BW: Yes, my friend has played an important role in improving my own English translations of my Yiddish poetry. I’ve always found it easiest to translate myself, as I know exactly what I want to say in my own poetry, and I also feel much freer in translating and recreating my own poems in another language than I would feel when translating another poet or prose writer. I’ve found it much more difficult to translate A.N. Stencl’s poetry into English, for example. I published a bilingual collection of some of Stencl’s early work from his time in Berlin together with my fellow poet and co-translator Stephen Watts, All My Young Years: Yiddish Poetry from Weimar Germany (Five Leaves, 2007). I was sometimes struggling with Stencl’s language when we were translating him. He uses quite a few dialectal words in his own unique dialect from Western Poland, which are not in the dictionaries, and the meaning of some of his images and expressions or the connections between two lines of a stanza are not always clear. And I want to be faithful to this charming poet, who lived in the East End of London for decades, who died in 1983, and is no longer around to ask what he meant when there is something slightly unclear in his poetry.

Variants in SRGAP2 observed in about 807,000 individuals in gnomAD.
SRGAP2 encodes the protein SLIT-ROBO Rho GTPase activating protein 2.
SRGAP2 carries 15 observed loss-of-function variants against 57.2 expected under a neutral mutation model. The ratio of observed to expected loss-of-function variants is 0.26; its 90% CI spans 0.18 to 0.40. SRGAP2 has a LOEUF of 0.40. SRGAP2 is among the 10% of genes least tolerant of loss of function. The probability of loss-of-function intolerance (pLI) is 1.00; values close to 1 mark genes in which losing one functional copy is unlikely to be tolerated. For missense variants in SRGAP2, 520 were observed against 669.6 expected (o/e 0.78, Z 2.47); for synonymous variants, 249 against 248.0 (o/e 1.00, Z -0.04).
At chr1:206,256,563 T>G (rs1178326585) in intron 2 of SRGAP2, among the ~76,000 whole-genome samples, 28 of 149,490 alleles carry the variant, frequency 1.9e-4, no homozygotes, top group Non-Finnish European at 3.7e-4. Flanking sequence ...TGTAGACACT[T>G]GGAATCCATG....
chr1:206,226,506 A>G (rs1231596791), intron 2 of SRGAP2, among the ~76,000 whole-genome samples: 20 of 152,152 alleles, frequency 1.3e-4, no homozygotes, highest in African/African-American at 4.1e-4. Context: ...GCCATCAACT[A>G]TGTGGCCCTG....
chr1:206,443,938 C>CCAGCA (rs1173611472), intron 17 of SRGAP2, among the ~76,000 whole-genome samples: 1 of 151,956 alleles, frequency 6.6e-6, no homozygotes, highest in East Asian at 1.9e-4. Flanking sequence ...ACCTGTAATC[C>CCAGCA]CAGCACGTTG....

Why don’t you like translating yourself?

IS: There are a couple of reasons why I dislike translating myself. First, the lack of objectivity. Whereas when I translate Don Quixote into English, Hamlet into Spanish, or Bashevis Singer from the Yiddish, I approach the original as a sacred text. Rendering my own work often pushes me to revise the original, which means I’m not only translating but rewriting. If every translation is an interpretation, why not leave it to someone else to interpret the work? The author is often the worst interpreter of their own oeuvre. And secondly, I think to myself: instead of translating yourself, why don’t you write something new? The day generally doesn’t have enough hours for me to accomplish what I want. Why steal time from new work?